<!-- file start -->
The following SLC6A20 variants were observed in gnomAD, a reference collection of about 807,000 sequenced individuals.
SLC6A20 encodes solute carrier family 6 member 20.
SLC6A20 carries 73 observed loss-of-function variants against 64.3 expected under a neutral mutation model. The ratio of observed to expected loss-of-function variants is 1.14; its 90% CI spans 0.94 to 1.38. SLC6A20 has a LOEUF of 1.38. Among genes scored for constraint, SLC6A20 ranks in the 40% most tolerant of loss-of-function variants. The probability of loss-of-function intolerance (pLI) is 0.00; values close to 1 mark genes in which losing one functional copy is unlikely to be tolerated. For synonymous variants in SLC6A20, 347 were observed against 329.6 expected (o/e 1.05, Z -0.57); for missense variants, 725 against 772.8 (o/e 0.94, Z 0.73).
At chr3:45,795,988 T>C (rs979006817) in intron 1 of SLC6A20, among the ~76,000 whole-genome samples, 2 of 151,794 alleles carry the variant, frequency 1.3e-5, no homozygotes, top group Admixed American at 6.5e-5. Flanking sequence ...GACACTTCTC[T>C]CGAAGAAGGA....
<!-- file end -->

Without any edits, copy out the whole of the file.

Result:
The following SLC6A20 variants were observed in gnomAD, a reference collection of about 807,000 sequenced individuals.
SLC6A20 encodes solute carrier family 6 member 20.
SLC6A20 carries 73 observed loss-of-function variants against 64.3 expected under a neutral mutation model. The ratio of observed to expected loss-of-function variants is 1.14; its 90% CI spans 0.94 to 1.38. SLC6A20 has a LOEUF of 1.38. Among genes scored for constraint, SLC6A20 ranks in the 40% most tolerant of loss-of-function variants. The probability of loss-of-function intolerance (pLI) is 0.00; values close to 1 mark genes in which losing one functional copy is unlikely to be tolerated. For synonymous variants in SLC6A20, 347 were observed against 329.6 expected (o/e 1.05, Z -0.57); for missense variants, 725 against 772.8 (o/e 0.94, Z 0.73).
At chr3:45,795,988 T>C (rs979006817) in intron 1 of SLC6A20, among the ~76,000 whole-genome samples, 2 of 151,794 alleles carry the variant, frequency 1.3e-5, no homozygotes, top group Admixed American at 6.5e-5. Flanking sequence ...GACACTTCTC[T>C]CGAAGAAGGA....